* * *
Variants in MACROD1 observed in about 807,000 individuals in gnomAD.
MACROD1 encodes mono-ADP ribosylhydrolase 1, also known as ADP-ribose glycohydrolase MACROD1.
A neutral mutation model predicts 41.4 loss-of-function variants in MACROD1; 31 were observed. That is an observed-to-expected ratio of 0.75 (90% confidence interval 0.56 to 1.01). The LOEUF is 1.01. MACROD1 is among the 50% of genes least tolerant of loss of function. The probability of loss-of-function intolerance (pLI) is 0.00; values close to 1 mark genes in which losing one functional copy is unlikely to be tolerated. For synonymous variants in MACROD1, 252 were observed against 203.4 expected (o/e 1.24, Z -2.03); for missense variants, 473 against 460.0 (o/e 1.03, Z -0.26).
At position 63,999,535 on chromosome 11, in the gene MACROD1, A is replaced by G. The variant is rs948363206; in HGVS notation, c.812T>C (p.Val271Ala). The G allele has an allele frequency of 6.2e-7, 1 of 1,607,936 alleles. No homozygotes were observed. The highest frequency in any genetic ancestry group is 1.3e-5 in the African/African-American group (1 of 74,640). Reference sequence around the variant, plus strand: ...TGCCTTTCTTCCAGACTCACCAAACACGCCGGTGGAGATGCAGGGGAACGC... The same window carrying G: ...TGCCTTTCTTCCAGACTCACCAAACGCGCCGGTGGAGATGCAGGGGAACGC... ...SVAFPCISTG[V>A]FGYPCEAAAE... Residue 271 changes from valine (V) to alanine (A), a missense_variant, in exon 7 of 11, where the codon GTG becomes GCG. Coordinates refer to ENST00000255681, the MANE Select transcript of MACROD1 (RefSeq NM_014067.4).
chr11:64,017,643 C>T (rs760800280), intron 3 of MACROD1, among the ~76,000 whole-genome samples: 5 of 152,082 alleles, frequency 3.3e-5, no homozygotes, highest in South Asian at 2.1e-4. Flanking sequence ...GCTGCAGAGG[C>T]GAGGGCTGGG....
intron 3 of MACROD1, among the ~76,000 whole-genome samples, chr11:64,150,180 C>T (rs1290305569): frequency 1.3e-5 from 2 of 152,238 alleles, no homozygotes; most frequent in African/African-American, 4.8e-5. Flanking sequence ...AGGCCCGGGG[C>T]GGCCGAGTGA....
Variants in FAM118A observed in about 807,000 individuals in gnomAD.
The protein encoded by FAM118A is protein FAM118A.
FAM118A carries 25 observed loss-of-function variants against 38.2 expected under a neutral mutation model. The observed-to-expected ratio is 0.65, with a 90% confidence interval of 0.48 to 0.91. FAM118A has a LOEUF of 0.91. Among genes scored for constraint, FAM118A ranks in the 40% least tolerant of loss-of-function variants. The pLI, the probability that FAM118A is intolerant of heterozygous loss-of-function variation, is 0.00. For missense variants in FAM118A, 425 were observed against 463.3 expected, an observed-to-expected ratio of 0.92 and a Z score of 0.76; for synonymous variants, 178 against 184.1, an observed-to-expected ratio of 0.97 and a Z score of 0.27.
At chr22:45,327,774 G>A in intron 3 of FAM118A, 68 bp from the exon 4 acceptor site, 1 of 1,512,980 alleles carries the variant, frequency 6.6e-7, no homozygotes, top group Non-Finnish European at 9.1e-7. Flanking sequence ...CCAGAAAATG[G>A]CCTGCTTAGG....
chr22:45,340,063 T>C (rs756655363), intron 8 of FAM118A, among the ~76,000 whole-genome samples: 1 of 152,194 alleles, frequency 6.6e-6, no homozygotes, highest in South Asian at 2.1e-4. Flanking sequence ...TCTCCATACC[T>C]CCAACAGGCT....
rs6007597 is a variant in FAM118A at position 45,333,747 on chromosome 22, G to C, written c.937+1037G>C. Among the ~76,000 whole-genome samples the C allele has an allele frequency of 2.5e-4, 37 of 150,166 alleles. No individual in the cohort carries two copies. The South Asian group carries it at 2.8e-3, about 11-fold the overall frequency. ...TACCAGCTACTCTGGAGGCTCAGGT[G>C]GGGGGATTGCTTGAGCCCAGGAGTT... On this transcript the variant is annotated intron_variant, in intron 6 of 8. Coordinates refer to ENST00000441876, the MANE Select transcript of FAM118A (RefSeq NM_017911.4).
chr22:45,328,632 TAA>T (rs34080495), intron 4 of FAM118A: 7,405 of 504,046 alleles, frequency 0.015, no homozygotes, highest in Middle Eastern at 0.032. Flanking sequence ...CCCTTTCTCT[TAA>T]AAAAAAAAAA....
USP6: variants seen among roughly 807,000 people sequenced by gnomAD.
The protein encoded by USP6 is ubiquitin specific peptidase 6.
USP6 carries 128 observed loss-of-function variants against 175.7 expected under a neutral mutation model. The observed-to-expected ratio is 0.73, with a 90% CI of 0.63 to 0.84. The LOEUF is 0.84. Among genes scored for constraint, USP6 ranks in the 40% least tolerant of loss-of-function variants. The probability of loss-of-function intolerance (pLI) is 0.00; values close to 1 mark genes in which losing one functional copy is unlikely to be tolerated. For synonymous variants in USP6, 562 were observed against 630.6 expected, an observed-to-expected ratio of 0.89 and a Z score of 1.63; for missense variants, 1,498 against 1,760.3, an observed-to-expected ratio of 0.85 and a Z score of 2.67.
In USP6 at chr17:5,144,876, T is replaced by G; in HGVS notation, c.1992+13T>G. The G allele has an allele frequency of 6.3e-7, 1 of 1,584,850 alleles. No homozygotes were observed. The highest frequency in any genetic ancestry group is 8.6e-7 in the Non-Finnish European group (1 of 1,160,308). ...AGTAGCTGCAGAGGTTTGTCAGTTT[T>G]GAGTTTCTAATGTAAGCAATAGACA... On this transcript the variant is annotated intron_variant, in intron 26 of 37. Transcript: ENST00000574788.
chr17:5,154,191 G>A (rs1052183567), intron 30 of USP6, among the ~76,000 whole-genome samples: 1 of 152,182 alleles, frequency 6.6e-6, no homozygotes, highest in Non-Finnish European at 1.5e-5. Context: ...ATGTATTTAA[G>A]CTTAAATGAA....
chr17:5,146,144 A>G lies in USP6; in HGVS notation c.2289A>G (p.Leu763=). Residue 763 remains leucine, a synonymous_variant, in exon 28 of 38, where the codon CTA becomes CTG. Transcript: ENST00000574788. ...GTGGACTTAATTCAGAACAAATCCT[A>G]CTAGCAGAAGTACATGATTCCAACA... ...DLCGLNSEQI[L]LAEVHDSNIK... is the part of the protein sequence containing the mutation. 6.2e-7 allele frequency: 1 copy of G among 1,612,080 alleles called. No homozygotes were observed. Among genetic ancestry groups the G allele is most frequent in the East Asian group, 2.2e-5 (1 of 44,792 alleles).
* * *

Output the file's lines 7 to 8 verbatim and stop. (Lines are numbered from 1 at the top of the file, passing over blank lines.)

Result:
Variants in FAM118A observed in about 807,000 individuals in gnomAD.
The protein encoded by FAM118A is protein FAM118A.